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Diabetic Neuropathy in Cats: 4 Signs to Look For (Vet Answer)

Written by: Dr. Meg Barnes BVSC MRCVS (Veterinarian)

Last Updated on July 2, 2024 by Catster Editorial Team

a cat in a veterinary clinic being examined by a doctor

Diabetic Neuropathy in Cats: 4 Signs to Look For (Vet Answer)

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Dr. Meg Barnes Photo

WRITTEN BY

Dr. Meg Barnes

BVSC MRCVS

The information is current and up-to-date in accordance with the latest veterinarian research.

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Just like humans, cats can develop diabetes. In fact, it is one of the most common hormonal disorders in the feline population, especially middle-aged and older cats.

When cats have diabetes, it means they don’t respond to or produce enough insulin to regulate their blood sugar levels. When one’s blood sugar spikes after eating a meal, insulin is required to transport it to the cells so it can be metabolized into energy. When this fine-tuned process malfunctions, it results in circulating blood glucose that is too high, which is detrimental to the body. Diabetic neuropathy is a complication that occurs in cats that have chronically high glucose levels, reported in approximately 10% of diabetic cats. Currently, the exact cause is unknown.

Do note that neuropathy in cats can occur in cats that have already been diagnosed with and are currently being treated for diabetes. Diabetes in cats requires lifelong monitoring and treatment. It is always important to have regular checks with your veterinarian to ensure that they are on the appropriate dose of insulin, especially if you are noticing any associated signs of diabetes, such as increased thirst and urination, increased or decreased appetite, weight loss, and fatigue.

Here are the signs of diabetic neuropathy that you should be aware of.

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The 4 Signs of Diabetic Neuropathy in Cats

1. Weakness

Black cat lazy eyes
Image Credit: Sasquillian, Pixabay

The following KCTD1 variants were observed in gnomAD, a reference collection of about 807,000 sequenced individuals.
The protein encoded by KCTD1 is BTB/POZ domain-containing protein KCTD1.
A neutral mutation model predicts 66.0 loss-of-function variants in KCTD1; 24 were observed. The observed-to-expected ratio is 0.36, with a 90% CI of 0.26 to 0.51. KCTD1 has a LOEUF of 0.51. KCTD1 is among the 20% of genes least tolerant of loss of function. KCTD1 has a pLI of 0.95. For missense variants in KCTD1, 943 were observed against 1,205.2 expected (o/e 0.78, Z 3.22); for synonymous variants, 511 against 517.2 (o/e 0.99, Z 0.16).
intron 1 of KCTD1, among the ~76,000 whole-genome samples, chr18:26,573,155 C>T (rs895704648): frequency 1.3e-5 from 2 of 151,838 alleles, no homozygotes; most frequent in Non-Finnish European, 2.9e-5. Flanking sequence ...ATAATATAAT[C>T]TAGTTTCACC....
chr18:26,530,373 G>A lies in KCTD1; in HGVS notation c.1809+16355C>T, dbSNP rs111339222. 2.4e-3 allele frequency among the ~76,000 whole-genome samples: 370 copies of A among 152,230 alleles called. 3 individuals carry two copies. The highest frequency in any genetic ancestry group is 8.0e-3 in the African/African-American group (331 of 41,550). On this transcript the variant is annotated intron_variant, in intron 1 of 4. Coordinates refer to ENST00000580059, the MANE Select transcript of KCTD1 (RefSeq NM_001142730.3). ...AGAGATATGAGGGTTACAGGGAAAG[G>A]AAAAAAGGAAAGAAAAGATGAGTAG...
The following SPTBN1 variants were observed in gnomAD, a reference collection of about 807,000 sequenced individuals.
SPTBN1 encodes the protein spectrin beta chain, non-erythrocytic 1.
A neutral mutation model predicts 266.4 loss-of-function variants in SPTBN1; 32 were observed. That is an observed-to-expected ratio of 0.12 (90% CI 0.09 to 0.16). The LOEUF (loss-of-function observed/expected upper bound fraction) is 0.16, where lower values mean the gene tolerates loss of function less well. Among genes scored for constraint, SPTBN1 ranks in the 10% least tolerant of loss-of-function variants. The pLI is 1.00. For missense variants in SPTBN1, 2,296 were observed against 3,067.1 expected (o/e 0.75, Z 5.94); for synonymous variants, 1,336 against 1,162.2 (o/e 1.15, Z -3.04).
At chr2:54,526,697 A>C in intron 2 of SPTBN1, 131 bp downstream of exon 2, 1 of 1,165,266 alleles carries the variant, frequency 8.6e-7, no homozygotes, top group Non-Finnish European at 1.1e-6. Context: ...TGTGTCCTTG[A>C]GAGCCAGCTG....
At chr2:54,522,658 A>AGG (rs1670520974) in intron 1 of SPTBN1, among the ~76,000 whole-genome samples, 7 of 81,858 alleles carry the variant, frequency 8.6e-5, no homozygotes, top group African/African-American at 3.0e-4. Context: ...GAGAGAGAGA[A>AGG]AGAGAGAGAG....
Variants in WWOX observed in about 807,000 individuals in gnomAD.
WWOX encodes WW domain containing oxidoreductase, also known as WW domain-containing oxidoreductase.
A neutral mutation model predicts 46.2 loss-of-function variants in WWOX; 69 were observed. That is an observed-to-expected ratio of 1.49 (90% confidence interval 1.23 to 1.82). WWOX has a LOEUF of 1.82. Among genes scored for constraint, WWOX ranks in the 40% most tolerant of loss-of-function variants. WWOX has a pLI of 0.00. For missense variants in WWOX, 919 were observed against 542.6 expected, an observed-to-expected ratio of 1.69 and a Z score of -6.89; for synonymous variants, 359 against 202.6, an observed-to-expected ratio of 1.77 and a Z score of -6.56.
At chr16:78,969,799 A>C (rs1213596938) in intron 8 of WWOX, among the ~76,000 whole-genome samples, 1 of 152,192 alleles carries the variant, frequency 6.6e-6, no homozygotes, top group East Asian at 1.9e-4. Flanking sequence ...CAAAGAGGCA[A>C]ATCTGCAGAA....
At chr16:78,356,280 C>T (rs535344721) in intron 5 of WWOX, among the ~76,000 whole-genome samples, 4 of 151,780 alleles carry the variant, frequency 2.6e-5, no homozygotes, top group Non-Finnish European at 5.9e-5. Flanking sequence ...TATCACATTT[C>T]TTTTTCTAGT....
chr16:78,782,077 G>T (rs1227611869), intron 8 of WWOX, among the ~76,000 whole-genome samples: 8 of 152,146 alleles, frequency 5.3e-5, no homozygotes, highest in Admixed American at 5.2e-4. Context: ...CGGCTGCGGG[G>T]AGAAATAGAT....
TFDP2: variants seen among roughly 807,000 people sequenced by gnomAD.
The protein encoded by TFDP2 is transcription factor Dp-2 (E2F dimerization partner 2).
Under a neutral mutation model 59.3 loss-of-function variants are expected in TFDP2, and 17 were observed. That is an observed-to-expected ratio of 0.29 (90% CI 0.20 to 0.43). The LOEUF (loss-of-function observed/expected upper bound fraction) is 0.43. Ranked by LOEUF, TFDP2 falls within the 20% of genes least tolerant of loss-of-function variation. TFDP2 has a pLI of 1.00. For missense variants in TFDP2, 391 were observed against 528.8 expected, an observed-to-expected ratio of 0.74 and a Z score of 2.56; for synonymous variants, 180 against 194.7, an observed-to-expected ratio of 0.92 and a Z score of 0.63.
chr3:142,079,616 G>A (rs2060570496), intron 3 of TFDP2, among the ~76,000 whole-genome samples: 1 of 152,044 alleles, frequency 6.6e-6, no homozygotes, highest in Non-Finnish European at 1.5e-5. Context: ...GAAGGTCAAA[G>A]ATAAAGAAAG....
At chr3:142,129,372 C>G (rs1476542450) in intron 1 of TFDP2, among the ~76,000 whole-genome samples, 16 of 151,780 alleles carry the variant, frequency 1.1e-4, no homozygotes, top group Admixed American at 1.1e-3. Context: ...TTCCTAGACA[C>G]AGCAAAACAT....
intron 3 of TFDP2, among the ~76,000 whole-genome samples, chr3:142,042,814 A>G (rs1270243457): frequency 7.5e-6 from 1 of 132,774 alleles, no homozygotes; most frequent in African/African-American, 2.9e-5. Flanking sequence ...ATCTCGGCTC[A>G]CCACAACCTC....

Weakness in the hindlimbs is often the first sign of diabetic neuropathy. In senior cats that have underlying health disorders like arthritis, it can be easily missed or mistaken for another issue. You may notice that your cat is walking a bit slower and doesn’t have quite the same strength that they once did. Over time, you may also notice that the muscles of the hind legs are starting to atrophy, or “waste away.”


2. Inability to Jump

a cat on the couch looking up
Image Credit: Fox_Ana, Shutterstock

A natural consequence of physical weakness is not having enough power to jump onto surfaces. Any cat owner will know that healthy cats appreciate being up high, whether on the kitchen counters, windowsills, sofas, beds, and even curtain rails. Being at a height is instinctive to cats; it gives them a good vantage point to observe for prey and protect themselves. You may find that your cat is becoming more hesitant before jumping or not quite making the height that they normally do. Sometimes, they will stop trying altogether.

So, even if your cat is already being treated for diabetes, if they are struggling with jumping, it may be a sign to have a visit with your veterinarian.


3. Lack of Coordination

red tabby cat in pain walking on grass outdoor
Image By: lagunabluemolly, Pixabay

A stark, obvious sign that something is wrong is if the cat is walking unsteadily as if they were drunk. They may appear to have little control of their hindlimbs. They will have poor balance and stability, sometimes manifesting as a complete inability to control their back end. They may fall over more, cross their legs when trying to walk, and appear to not know where they would ordinarily place their limbs on the floor.

Chronically high blood sugar results in damaged nerves. Signals become disrupted on the nerve pathways, resulting in a loss of sensation in the hindlimbs and an eventual decline in motor function. This will eventually manifest as a loss of coordination.


4. Plantigrade Stance

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You may have noticed that ordinarily, healthy cats walk lightly on their “tiptoes.” Humans, however, adopt a “plantigrade stance,” where our heels are dropped to the floor. When we walk, our entire foot is in contact with the ground. With diabetic neuropathy, the muscles of a cat’s hindlimbs become progressively weaker until they can no longer walk high up on their paws. Their hocks (or ankles) will drop to the floor so they are walking on the backs of their legs, somewhat mimicking their two-legged owners.

However alarming this looks, though, it tends to not be painful for the cat and is sometimes reversible when the blood glucose is stabilized.

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Conclusion

Your vet will be able to diagnose diabetes based on a physical examination, blood tests, and urine analysis. Diabetes does require a commitment to treatment, with once- or twice-daily injections, dietary and weight management, and frequent hospital visits and monitoring. For most cats, treatment is successful.

While diabetic neuropathy can be alarming, it can be reversible if treatment is sought promptly and there are no other underlying complications that prevent the stabilization of your cat’s diabetes. If you notice any changes to your cat’s gait, physical activity, or posture, especially when combined with other signs of diabetes, book an appointment to get them checked out by your veterinarian.


Featured Image Credit: Libre, Shutterstock

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